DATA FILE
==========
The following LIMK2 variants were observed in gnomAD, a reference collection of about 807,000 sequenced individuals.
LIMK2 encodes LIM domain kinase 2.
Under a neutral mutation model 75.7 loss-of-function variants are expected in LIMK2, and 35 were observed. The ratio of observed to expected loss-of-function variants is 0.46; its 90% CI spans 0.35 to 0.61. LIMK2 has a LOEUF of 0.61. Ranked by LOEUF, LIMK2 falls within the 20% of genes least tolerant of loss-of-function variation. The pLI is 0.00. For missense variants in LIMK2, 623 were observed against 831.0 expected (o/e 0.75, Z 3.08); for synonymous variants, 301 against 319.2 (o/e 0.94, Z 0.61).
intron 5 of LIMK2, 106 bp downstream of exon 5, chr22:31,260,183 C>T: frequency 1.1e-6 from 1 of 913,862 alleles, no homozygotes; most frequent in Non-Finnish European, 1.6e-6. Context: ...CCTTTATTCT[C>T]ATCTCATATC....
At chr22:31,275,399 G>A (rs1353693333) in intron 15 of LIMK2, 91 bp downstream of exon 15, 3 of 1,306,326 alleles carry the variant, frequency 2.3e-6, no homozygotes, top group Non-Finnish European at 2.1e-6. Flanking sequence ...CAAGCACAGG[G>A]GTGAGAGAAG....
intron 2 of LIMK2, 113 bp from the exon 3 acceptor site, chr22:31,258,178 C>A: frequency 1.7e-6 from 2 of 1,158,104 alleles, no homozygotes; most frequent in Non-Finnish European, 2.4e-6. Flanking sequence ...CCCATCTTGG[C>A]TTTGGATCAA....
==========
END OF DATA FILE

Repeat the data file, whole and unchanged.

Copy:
The following LIMK2 variants were observed in gnomAD, a reference collection of about 807,000 sequenced individuals.
LIMK2 encodes LIM domain kinase 2.
Under a neutral mutation model 75.7 loss-of-function variants are expected in LIMK2, and 35 were observed. The ratio of observed to expected loss-of-function variants is 0.46; its 90% CI spans 0.35 to 0.61. LIMK2 has a LOEUF of 0.61. Ranked by LOEUF, LIMK2 falls within the 20% of genes least tolerant of loss-of-function variation. The pLI is 0.00. For missense variants in LIMK2, 623 were observed against 831.0 expected (o/e 0.75, Z 3.08); for synonymous variants, 301 against 319.2 (o/e 0.94, Z 0.61).
intron 5 of LIMK2, 106 bp downstream of exon 5, chr22:31,260,183 C>T: frequency 1.1e-6 from 1 of 913,862 alleles, no homozygotes; most frequent in Non-Finnish European, 1.6e-6. Context: ...CCTTTATTCT[C>T]ATCTCATATC....
At chr22:31,275,399 G>A (rs1353693333) in intron 15 of LIMK2, 91 bp downstream of exon 15, 3 of 1,306,326 alleles carry the variant, frequency 2.3e-6, no homozygotes, top group Non-Finnish European at 2.1e-6. Flanking sequence ...CAAGCACAGG[G>A]GTGAGAGAAG....
intron 2 of LIMK2, 113 bp from the exon 3 acceptor site, chr22:31,258,178 C>A: frequency 1.7e-6 from 2 of 1,158,104 alleles, no homozygotes; most frequent in Non-Finnish European, 2.4e-6. Flanking sequence ...CCCATCTTGG[C>A]TTTGGATCAA....